Purchase photos

Train collision causes fire


By The Hays Daily News

By The Hays Daily News

HAYS, Kan. — Smoke rose today from the intersection of Eighth and Vine as fire crews battled a blaze caused by a westbound freight train striking a standing train early this morning.

The accident occurred at approximately 1:25 a.m. At noon, the fire was reported as out, although public safety officials remained on the scene to monitor the situation.

"There's been some discussion about letting it burn out," Public Information Officer Kerry McCue said at an 8 a.m. briefing.

Three locomotives and 79 cars were part of the train, which was carrying low-grade ethanol and general freight including steel, wheat, beer and particle board. Twenty tankers carrying low-grade ethanol did not derail, but approximately a dozen freight cars were seen overturned.

Of the three locomotives, the fuel for two of them was on fire. The train had just stopped in Salina to take on 12,000 gallons of diesel. Flames reached as high as 40 feet into the air at the height of the fire.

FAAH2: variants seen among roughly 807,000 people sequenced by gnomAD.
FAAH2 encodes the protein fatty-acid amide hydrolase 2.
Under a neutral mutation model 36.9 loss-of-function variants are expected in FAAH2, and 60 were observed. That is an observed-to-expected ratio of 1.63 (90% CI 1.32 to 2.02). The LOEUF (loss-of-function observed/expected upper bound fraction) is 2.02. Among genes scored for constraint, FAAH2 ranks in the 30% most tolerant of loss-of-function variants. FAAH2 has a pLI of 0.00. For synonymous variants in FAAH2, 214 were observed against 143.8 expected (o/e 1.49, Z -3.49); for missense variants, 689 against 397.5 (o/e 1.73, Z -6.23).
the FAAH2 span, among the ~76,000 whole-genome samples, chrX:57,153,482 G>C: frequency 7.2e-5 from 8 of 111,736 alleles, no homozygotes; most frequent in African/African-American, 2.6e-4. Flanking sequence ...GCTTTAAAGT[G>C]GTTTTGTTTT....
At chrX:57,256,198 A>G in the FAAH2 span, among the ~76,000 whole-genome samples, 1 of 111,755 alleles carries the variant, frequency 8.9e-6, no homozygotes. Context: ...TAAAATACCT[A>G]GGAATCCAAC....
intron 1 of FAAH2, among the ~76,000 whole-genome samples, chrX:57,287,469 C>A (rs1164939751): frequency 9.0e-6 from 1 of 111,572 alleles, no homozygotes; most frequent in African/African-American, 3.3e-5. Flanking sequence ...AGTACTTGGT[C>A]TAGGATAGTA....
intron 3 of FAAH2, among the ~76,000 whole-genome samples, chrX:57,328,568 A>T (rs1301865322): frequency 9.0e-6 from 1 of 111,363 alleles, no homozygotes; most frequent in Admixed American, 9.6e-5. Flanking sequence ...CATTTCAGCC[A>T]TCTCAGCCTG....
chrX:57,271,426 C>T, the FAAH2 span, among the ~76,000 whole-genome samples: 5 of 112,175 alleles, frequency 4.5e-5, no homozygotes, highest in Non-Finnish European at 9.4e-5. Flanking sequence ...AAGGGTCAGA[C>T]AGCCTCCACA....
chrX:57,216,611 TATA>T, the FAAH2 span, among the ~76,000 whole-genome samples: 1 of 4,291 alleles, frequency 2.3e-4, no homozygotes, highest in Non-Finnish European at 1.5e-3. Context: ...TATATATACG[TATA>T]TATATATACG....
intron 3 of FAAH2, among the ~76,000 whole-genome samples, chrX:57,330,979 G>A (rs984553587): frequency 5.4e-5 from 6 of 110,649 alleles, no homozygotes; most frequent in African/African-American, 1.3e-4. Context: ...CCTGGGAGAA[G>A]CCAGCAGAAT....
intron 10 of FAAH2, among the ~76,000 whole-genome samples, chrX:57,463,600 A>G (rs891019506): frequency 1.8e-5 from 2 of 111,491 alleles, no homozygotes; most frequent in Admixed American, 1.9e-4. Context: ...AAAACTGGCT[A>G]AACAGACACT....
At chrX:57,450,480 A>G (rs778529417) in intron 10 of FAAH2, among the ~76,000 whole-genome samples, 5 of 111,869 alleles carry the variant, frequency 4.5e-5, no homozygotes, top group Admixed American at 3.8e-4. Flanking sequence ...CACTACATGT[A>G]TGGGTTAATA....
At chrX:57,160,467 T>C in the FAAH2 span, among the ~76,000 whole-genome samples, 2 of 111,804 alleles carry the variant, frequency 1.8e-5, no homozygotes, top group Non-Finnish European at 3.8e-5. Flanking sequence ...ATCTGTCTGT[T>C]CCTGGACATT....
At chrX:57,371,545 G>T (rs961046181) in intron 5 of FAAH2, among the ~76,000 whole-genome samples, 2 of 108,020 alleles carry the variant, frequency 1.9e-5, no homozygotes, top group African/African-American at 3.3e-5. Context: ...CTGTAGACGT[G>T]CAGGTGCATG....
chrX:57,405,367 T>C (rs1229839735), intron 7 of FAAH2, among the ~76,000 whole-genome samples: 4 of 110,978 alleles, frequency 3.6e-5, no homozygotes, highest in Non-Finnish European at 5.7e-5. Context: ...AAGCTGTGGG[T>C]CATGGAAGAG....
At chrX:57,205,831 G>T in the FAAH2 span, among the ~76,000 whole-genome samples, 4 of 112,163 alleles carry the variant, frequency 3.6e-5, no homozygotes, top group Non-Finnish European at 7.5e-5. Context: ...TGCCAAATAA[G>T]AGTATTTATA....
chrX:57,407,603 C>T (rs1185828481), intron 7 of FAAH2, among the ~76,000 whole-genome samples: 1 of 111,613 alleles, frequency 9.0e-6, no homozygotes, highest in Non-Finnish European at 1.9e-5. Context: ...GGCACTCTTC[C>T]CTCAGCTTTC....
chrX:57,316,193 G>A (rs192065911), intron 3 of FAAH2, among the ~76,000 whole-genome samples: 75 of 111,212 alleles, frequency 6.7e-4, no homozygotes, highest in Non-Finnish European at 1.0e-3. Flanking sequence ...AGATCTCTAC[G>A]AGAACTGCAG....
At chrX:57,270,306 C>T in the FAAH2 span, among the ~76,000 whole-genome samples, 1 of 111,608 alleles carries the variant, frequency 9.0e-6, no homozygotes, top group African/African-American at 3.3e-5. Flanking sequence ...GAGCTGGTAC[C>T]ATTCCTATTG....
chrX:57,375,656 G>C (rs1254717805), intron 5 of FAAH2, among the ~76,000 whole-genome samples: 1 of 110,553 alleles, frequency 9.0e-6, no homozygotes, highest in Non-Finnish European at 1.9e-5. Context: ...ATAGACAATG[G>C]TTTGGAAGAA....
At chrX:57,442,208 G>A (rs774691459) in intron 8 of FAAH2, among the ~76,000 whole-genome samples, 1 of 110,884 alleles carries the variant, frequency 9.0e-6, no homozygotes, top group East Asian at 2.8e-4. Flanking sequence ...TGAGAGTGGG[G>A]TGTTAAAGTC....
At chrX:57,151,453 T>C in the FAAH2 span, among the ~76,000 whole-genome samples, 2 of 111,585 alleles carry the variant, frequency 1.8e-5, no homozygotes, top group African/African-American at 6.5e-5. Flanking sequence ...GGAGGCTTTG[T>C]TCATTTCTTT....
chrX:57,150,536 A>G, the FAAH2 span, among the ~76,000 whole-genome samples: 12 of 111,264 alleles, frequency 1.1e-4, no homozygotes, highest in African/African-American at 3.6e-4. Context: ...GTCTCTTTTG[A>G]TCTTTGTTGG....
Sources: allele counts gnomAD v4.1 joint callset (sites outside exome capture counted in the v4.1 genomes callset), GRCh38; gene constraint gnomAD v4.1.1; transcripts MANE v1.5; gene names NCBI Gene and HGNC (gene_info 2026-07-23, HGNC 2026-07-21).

Union Pacific spokesman Mark Davis said all three crew members of the Salina-to-Denver freight train were accounted for and uninjured. The second train, which Davis has no details on, was unoccupied when it was struck.

UP safety officials were allowed access to the scene as fire crews attempted to quell the fire, but were able to begin their investigation after it was contained.

Responding to the scene were the Hays Fire Department, Ellis County Rural Fire Department, Victoria Fire Department, Ellis Fire Department, Hays Police Department, Ellis County Sheriff's Office and Ellis County EMS.

The public is being asked to conserve water due to the amount that was used to contain the fire. Fire crews were spraying approximately 5,000 gallons per minute on the fire.

Electricity and gas were shut off in the area, and emergency workers this morning were trying to contain the spill of diesel fuel.

"We are trying to divert the water and contain that water and make sure it doesn't get into Chetolah Creek," McCue said.